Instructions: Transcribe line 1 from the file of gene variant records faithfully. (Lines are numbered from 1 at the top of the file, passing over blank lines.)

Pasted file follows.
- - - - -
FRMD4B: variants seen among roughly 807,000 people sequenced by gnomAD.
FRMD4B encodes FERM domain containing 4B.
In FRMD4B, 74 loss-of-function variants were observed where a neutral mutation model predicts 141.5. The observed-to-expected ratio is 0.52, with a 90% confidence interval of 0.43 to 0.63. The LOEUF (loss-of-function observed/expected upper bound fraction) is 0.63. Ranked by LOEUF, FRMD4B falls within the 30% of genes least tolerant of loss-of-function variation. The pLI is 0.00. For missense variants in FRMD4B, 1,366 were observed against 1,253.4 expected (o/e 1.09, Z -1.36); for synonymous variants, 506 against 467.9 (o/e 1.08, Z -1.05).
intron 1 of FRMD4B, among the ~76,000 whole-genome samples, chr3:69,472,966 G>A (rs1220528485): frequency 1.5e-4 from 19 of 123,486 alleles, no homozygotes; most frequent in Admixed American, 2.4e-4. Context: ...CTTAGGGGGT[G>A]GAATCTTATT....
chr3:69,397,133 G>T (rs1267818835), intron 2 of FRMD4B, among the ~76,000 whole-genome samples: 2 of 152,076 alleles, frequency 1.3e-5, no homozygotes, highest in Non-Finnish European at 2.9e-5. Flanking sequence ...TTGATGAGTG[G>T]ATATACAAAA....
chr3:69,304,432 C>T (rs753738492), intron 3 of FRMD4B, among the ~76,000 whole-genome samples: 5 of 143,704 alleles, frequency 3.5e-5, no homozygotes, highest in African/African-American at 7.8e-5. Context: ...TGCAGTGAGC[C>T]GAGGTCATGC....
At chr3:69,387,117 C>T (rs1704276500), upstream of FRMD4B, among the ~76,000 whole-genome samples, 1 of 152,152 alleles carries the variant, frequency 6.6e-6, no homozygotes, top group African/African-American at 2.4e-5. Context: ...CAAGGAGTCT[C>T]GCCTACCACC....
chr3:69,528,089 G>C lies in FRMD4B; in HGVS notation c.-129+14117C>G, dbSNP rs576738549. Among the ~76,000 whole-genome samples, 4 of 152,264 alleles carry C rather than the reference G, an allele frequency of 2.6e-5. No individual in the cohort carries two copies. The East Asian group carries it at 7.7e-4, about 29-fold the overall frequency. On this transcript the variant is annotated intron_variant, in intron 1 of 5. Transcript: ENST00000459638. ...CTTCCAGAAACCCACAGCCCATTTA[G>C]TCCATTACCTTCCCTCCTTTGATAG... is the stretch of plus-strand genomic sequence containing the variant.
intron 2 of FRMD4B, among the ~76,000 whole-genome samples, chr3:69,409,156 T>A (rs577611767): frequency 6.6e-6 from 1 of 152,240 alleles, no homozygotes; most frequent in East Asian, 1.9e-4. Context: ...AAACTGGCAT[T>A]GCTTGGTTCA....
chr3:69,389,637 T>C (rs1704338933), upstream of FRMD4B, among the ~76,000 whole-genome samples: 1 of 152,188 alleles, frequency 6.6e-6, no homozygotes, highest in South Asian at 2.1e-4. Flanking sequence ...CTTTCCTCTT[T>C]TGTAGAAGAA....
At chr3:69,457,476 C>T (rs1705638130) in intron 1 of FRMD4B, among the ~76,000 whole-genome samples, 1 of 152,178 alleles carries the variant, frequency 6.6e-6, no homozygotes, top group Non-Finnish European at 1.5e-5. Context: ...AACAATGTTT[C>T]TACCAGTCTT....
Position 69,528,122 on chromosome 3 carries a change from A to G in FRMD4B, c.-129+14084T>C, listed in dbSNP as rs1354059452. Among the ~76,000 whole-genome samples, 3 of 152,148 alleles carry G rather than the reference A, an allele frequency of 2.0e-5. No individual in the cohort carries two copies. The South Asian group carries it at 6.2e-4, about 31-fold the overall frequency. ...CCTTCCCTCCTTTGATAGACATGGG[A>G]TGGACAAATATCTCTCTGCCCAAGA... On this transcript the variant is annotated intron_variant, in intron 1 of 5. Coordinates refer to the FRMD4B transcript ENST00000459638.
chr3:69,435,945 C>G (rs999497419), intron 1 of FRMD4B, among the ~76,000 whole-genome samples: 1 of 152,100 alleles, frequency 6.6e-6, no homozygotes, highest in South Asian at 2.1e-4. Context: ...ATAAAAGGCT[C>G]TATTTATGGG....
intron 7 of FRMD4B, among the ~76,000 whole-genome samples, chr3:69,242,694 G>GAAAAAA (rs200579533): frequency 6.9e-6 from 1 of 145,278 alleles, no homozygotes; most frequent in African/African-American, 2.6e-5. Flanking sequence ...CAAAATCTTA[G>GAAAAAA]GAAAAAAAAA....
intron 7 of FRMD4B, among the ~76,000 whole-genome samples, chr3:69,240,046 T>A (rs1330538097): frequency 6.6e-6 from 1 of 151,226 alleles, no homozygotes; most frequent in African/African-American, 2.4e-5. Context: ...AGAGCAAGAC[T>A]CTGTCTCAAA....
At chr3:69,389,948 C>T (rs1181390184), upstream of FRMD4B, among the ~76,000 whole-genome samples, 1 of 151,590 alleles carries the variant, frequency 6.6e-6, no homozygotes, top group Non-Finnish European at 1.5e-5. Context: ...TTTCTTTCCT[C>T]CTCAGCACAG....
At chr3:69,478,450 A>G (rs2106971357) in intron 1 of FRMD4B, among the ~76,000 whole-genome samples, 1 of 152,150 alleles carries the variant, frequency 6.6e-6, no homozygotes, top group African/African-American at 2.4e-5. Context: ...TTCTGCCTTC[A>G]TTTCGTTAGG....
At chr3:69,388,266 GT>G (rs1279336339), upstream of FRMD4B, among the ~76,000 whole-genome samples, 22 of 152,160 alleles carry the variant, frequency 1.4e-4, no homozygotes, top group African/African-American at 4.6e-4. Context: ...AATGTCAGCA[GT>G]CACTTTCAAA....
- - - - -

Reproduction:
FRMD4B: variants seen among roughly 807,000 people sequenced by gnomAD.